If your employer offers a retirement plan and meets the requirements to set up a 403(b), you’ll be able to open a 403(b) account as long as you also meet employee eligibility requirements for the plan.

Both plans offer tax-advantaged retirement savings in that contributions are not counted as taxable income and are taxed at withdrawal during normal retirement age. At the employer’s discretion, both retirement vehicles also offer a Roth version which taxes your contributions at your current tax rate. Qualified Roth 403(b) and Roth 401(k) disbursements at retirement age are then tax-free.

403(b) plan contribution limits

How much you should save for retirement depends on many factors, including your income, individual financial goals, desired lifestyle while in retirement, and the number of years you have until you reach retirement age. But how much you put in a 403(b) account isn’t limitless.

The IRS sets contribution limits on your elective deferrals, total contributions, regular catch-up contributions, and additional catch-up contributions for workers with 15 years of service.

Elective deferrals

The maximum that you can contribute pre-tax from your salary in 2020 is $19,500. This is an increase from the 2019 limit of $19,000. If you’re 50 or over by the end of the calendar year, you can make “catch-up” contributions which raises your limit by an additional $6,500 (for a total of $26,000 in elective deferral contributions).

Total contributions

The limit on total contributions through elective deferrals and nonelective contributions is either $57,000 in 2020 or 100% of the amount of “includible compensation” (meaning your taxable income and benefits) during your most recent year of service, whichever is less.

Catch-ups for 15 years of service

If you’ve served with your employer for 15 years or more and your 403(b) offers this additional catch-up provision, you may be eligible for an elective contribution limit increase, based on your years of service. According to the IRS, you can increase your elective deferral limit to the lesser of:

  • $3,000,
  • $15,000, minus the amount of additional elective deferrals made in prior years because of this rule, or
  • $5,000 times the number of the employee’s years of service for the organization, minus the total elective deferrals made for earlier years.

If your 403(b) plan exceeds any of these limits, the IRS may charge you penalties.

When deciding how much to contribute to your retirement plan a good rule of thumb is to meet the contribution level of your employer match, if offered. As your income increases, consider raising your contribution each paycheck to help your retirement savings grow further.

403(b) plan withdrawal rules

In addition to the limitations set by the government on how much you can put into your 403(b), it also establishes rules around when you can make withdrawals from your retirement plan. In order to take penalty-free disbursements from your 403(b) plan, one of the following must apply:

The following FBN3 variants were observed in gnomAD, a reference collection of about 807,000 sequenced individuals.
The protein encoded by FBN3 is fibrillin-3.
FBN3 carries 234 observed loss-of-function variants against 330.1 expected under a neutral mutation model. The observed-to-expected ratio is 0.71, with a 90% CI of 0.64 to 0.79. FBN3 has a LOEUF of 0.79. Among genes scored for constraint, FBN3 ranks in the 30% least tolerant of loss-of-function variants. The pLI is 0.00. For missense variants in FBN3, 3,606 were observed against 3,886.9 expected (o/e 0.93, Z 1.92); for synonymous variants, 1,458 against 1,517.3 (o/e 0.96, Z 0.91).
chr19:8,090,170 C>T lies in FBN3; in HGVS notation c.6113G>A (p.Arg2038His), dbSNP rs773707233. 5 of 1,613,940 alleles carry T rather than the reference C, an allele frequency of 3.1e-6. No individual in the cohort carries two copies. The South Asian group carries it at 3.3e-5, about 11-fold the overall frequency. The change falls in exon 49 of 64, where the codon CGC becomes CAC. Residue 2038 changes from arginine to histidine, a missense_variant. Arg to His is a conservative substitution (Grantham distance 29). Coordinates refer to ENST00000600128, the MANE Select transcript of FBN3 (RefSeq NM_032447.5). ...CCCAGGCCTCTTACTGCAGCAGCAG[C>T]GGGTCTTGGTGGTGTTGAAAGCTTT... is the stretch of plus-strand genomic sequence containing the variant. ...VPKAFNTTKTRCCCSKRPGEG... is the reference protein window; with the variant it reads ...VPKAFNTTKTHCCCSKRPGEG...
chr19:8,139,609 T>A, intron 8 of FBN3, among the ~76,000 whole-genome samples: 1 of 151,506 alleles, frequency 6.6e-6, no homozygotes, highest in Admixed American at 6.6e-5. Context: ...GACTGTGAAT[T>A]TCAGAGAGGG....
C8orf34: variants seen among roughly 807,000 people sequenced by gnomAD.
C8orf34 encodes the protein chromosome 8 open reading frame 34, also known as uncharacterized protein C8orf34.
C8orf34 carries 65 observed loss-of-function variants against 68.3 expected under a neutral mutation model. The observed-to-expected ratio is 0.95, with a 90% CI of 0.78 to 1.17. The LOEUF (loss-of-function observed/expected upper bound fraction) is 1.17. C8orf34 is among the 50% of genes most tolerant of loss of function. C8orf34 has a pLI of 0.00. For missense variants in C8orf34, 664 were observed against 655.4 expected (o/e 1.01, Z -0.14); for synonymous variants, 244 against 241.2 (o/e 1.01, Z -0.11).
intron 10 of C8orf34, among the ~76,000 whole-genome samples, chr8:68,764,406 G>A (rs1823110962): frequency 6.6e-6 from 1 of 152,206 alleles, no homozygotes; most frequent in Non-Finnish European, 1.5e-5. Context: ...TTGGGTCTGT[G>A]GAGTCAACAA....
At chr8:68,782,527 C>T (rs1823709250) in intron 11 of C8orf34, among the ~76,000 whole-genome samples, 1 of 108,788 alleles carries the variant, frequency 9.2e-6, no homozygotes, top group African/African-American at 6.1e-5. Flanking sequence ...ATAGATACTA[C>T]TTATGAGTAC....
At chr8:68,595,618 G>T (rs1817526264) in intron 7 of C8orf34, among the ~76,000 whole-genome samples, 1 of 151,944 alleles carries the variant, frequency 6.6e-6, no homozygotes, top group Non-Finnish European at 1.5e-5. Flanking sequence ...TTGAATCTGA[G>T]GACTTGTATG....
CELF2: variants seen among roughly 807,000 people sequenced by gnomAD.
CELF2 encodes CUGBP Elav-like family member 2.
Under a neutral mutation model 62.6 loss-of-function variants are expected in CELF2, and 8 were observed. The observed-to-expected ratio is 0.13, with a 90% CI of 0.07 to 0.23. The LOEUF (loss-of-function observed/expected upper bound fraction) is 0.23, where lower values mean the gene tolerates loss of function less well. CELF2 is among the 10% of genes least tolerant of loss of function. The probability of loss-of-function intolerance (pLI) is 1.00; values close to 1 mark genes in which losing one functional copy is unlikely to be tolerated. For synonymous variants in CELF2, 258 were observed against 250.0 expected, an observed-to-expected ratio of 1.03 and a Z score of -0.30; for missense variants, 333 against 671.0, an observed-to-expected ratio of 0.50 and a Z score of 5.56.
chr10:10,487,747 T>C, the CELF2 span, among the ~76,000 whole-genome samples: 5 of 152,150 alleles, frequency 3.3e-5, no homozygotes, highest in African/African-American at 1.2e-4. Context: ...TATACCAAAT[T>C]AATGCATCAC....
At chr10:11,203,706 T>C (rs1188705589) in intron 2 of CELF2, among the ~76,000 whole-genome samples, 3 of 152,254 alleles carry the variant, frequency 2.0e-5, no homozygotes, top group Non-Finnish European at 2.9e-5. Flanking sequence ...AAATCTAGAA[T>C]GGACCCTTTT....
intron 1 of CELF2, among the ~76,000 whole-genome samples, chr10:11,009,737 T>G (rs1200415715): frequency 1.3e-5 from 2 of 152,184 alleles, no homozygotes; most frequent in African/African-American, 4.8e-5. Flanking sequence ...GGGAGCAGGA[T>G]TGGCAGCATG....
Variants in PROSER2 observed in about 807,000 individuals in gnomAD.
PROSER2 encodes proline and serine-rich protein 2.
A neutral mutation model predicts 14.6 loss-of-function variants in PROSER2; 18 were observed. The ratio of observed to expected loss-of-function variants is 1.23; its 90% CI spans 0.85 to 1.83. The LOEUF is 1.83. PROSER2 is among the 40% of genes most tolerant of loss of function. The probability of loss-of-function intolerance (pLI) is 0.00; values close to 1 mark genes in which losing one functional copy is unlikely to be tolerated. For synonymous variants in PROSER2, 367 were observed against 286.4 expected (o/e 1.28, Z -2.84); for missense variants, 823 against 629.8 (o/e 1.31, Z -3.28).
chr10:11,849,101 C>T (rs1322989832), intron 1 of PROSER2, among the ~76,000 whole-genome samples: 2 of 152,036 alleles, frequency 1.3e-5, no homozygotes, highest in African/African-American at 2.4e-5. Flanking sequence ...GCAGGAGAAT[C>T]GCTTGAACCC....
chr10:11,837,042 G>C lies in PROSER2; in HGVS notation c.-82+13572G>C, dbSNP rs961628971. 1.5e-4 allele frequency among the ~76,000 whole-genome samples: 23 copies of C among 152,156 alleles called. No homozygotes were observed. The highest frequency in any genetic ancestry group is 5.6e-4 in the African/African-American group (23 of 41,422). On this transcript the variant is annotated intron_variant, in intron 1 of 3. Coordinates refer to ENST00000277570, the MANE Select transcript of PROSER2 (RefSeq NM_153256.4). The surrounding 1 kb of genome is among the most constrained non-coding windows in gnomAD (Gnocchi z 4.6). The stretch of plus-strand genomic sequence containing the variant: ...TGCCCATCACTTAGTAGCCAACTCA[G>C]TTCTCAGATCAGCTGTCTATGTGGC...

• You’re at least 59½ years of age
  • You’re no longer employed by your employer
  • You’re disabled, or have died
  • You’re facing financial hardship
  • You’re a qualified reservist requesting a distribution

If none of these scenarios apply to your withdrawal, may be subject to a 10% early disbursement tax. However, you’re required to take your first minimum disbursement by the following April 1 after you turn 72 or retire. Typically, any disbursements from a 403(b), except for Roth accounts and after-tax contributions, are considered taxable income

What happens to your 403(b) plan if you leave your job?

Over your career, you might change employers along the way. Whether you can leave your retirement savings in the 403(b) plan depends on your employer’s rules. Some employers require you to initiate a rollover of your 403(b) funds into another retirement vehicle, like an Individual Retirement Account or another 403(b) with your next employer.

You can roll over your funds into an eligible retirement plan, tax-free, as long as you do so within 60 calendar days. If you pass this time, you may be charged a 10% early disbursement penalty.

If you aren’t fully vested in your company, you may lose some or all of your employer’s contribution to your 403(b) plan. Vesting schedules vary by employer so speak to your human resources department to learn more about your plan’s vesting requirements. All elective deferrals from your 403(b) plan is eligible for rollover, however.

The bottom line

Saving for retirement is years in the making, but a 403(b) plan can help you reach your savings goals. Although a high contribution will grow your retirement fund faster, you can choose to make small contributions to your 403(b) plan and still reap the benefits of this tax-sheltered account. Ultimately, it’s wise to start investing now to help you financially maintain the lifestyle you want in retirement.